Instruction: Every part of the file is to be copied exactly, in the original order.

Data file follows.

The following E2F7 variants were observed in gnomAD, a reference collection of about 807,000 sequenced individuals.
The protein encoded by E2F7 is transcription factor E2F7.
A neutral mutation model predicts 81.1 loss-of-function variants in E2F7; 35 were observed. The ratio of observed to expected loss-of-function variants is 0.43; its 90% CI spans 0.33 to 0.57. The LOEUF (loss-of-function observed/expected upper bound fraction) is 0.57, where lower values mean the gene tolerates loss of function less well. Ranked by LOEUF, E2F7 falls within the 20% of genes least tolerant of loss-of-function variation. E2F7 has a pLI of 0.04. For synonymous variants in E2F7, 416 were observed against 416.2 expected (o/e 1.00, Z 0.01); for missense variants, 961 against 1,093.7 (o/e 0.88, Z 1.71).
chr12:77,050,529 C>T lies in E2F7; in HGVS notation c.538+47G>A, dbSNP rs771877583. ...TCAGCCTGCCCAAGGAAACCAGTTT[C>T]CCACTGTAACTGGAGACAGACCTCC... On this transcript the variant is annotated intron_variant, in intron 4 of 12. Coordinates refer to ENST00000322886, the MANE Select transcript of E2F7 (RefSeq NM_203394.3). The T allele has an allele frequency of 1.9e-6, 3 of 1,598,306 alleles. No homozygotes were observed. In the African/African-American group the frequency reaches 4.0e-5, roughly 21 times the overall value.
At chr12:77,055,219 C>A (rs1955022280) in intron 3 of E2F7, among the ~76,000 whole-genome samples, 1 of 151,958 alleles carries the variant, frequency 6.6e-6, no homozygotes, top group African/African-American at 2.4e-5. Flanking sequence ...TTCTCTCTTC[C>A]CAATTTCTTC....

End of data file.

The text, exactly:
The following E2F7 variants were observed in gnomAD, a reference collection of about 807,000 sequenced individuals.
The protein encoded by E2F7 is transcription factor E2F7.
A neutral mutation model predicts 81.1 loss-of-function variants in E2F7; 35 were observed. The ratio of observed to expected loss-of-function variants is 0.43; its 90% CI spans 0.33 to 0.57. The LOEUF (loss-of-function observed/expected upper bound fraction) is 0.57, where lower values mean the gene tolerates loss of function less well. Ranked by LOEUF, E2F7 falls within the 20% of genes least tolerant of loss-of-function variation. E2F7 has a pLI of 0.04. For synonymous variants in E2F7, 416 were observed against 416.2 expected (o/e 1.00, Z 0.01); for missense variants, 961 against 1,093.7 (o/e 0.88, Z 1.71).
chr12:77,050,529 C>T lies in E2F7; in HGVS notation c.538+47G>A, dbSNP rs771877583. ...TCAGCCTGCCCAAGGAAACCAGTTT[C>T]CCACTGTAACTGGAGACAGACCTCC... On this transcript the variant is annotated intron_variant, in intron 4 of 12. Coordinates refer to ENST00000322886, the MANE Select transcript of E2F7 (RefSeq NM_203394.3). The T allele has an allele frequency of 1.9e-6, 3 of 1,598,306 alleles. No homozygotes were observed. In the African/African-American group the frequency reaches 4.0e-5, roughly 21 times the overall value.
At chr12:77,055,219 C>A (rs1955022280) in intron 3 of E2F7, among the ~76,000 whole-genome samples, 1 of 151,958 alleles carries the variant, frequency 6.6e-6, no homozygotes, top group African/African-American at 2.4e-5. Flanking sequence ...TTCTCTCTTC[C>A]CAATTTCTTC....